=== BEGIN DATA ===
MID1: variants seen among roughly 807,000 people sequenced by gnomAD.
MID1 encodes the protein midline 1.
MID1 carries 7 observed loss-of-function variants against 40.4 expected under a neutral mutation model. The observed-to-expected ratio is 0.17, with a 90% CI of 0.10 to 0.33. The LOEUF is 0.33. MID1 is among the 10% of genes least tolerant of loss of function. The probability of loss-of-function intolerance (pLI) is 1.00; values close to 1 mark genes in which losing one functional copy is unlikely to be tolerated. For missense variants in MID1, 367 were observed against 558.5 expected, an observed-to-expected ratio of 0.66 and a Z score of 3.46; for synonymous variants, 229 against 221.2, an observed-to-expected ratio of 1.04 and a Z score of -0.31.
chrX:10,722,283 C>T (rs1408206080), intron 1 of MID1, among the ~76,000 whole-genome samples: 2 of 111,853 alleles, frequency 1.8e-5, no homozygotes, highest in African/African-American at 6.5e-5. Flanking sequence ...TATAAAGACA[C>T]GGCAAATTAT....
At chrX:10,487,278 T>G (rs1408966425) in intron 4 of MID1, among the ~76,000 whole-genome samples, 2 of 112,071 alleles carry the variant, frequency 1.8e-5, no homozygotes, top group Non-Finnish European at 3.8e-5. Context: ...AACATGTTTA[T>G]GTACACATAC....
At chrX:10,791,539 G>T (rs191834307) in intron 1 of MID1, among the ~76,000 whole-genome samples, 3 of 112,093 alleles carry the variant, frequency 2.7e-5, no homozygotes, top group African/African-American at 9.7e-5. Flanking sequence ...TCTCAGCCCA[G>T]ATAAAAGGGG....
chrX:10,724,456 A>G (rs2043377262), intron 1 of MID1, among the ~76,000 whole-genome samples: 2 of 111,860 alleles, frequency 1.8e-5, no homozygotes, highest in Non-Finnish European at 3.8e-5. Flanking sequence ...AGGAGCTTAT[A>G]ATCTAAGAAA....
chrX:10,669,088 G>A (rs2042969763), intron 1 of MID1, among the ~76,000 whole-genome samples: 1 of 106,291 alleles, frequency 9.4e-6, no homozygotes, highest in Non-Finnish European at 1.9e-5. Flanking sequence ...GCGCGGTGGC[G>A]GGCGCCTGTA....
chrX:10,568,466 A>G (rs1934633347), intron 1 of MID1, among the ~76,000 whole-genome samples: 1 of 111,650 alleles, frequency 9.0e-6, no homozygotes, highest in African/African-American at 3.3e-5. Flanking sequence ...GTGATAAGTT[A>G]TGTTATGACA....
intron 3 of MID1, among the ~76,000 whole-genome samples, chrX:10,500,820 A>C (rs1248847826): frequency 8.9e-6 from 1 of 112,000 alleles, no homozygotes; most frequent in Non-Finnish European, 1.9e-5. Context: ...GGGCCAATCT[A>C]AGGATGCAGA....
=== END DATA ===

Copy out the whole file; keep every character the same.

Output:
MID1: variants seen among roughly 807,000 people sequenced by gnomAD.
MID1 encodes the protein midline 1.
MID1 carries 7 observed loss-of-function variants against 40.4 expected under a neutral mutation model. The observed-to-expected ratio is 0.17, with a 90% CI of 0.10 to 0.33. The LOEUF is 0.33. MID1 is among the 10% of genes least tolerant of loss of function. The probability of loss-of-function intolerance (pLI) is 1.00; values close to 1 mark genes in which losing one functional copy is unlikely to be tolerated. For missense variants in MID1, 367 were observed against 558.5 expected, an observed-to-expected ratio of 0.66 and a Z score of 3.46; for synonymous variants, 229 against 221.2, an observed-to-expected ratio of 1.04 and a Z score of -0.31.
chrX:10,722,283 C>T (rs1408206080), intron 1 of MID1, among the ~76,000 whole-genome samples: 2 of 111,853 alleles, frequency 1.8e-5, no homozygotes, highest in African/African-American at 6.5e-5. Flanking sequence ...TATAAAGACA[C>T]GGCAAATTAT....
At chrX:10,487,278 T>G (rs1408966425) in intron 4 of MID1, among the ~76,000 whole-genome samples, 2 of 112,071 alleles carry the variant, frequency 1.8e-5, no homozygotes, top group Non-Finnish European at 3.8e-5. Context: ...AACATGTTTA[T>G]GTACACATAC....
At chrX:10,791,539 G>T (rs191834307) in intron 1 of MID1, among the ~76,000 whole-genome samples, 3 of 112,093 alleles carry the variant, frequency 2.7e-5, no homozygotes, top group African/African-American at 9.7e-5. Flanking sequence ...TCTCAGCCCA[G>T]ATAAAAGGGG....
chrX:10,724,456 A>G (rs2043377262), intron 1 of MID1, among the ~76,000 whole-genome samples: 2 of 111,860 alleles, frequency 1.8e-5, no homozygotes, highest in Non-Finnish European at 3.8e-5. Flanking sequence ...AGGAGCTTAT[A>G]ATCTAAGAAA....
chrX:10,669,088 G>A (rs2042969763), intron 1 of MID1, among the ~76,000 whole-genome samples: 1 of 106,291 alleles, frequency 9.4e-6, no homozygotes, highest in Non-Finnish European at 1.9e-5. Flanking sequence ...GCGCGGTGGC[G>A]GGCGCCTGTA....
chrX:10,568,466 A>G (rs1934633347), intron 1 of MID1, among the ~76,000 whole-genome samples: 1 of 111,650 alleles, frequency 9.0e-6, no homozygotes, highest in African/African-American at 3.3e-5. Flanking sequence ...GTGATAAGTT[A>G]TGTTATGACA....
intron 3 of MID1, among the ~76,000 whole-genome samples, chrX:10,500,820 A>C (rs1248847826): frequency 8.9e-6 from 1 of 112,000 alleles, no homozygotes; most frequent in Non-Finnish European, 1.9e-5. Context: ...GGGCCAATCT[A>C]AGGATGCAGA....